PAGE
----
Step Back into the American West,
Where Art and History Come Together.

It is the mission of the American Museum of Western Art to promote the public’s understanding and appreciation of art depicting the American West from the early 1800s through the present day. The art presented is intended to give the public a better understanding and appreciation of the character, history, and beauty of the American West and the peoples, individuals, and ideas that transformed it over time.

The Anschutz Collection offers guided and self-guided tours of the museum on Mondays and Wednesdays and tickets must be purchased in advance. In addition to guided and self-guided tours, The Anschutz Collection accommodates school tours and group tours on Tuesdays and Thursdays, which can be arranged using the forms provided in Visitor Information.

The Anschutz Collection offers educational programs including our monthly special topic conversations, Artful Insights. Please see our upcoming programs listing below or visit our Tickets page for more information.

Join Our Artful Insights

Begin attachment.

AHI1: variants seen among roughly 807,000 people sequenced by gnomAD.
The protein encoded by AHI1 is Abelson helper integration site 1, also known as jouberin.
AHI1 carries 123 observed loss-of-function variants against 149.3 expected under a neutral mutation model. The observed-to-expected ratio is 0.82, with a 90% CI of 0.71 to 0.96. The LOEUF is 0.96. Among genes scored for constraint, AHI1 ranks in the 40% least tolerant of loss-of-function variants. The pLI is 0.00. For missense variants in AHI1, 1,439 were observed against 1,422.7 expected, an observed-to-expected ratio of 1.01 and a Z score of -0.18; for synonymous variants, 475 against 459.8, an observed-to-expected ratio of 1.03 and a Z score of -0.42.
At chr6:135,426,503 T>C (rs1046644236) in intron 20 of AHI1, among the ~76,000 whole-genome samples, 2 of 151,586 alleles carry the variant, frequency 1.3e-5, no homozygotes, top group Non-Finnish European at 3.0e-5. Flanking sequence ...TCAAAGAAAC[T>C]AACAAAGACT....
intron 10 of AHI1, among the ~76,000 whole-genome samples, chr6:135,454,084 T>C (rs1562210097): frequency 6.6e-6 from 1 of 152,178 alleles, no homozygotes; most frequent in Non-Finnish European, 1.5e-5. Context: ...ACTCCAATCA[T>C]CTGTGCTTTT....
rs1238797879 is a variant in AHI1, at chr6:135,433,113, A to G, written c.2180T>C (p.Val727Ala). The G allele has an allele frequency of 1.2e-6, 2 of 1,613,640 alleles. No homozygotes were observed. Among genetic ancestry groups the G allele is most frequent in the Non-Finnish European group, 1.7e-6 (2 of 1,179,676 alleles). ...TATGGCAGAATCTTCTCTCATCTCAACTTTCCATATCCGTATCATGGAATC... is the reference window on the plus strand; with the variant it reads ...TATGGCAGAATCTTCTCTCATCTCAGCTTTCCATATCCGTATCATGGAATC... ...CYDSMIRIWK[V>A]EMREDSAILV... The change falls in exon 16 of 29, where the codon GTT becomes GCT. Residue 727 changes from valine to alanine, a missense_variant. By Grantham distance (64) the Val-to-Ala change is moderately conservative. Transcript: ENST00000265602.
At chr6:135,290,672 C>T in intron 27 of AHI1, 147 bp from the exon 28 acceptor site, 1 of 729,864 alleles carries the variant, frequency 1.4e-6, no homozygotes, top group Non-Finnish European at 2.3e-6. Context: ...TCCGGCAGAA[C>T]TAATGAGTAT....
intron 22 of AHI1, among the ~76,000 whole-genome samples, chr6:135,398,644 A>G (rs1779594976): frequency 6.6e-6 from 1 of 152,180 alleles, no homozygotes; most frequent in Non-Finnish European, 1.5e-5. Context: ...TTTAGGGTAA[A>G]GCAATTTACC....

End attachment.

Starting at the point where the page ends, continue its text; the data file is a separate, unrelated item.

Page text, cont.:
Artful Insights are limited to a small number of visitors so each guest can have an intimate experience with the art and Museum guide. Artful Insights discuss a work of art, subject matter or artist in detail that you won’t experience in a regular tour. Advance reservations are highly recommended, as programs often sell out.

Next Up: William Jacob Hays, May 16th

George de Forest Brush, “The Picture Writer’s Story,” c. 1884

Join us for a special conversation on artist William Jacob Hays,  who traveled west in the early 1860s and captured the dramatic vistas and striking wildlife that would soon disappear:

“As far as the eye can reach, wild herds are discernible’ and yet, farther behind these bluffs, over which they pour, the throng begins, covering sometimes the distance of a hundred miles… They form a solid column, led by the strongest and most courageous bulls, and nothing in the form of natural obstructions seems ever to deter their onward march… crossing rivers and other obstacles from which a horse would shrink.” –William Jacob Hays, 1861


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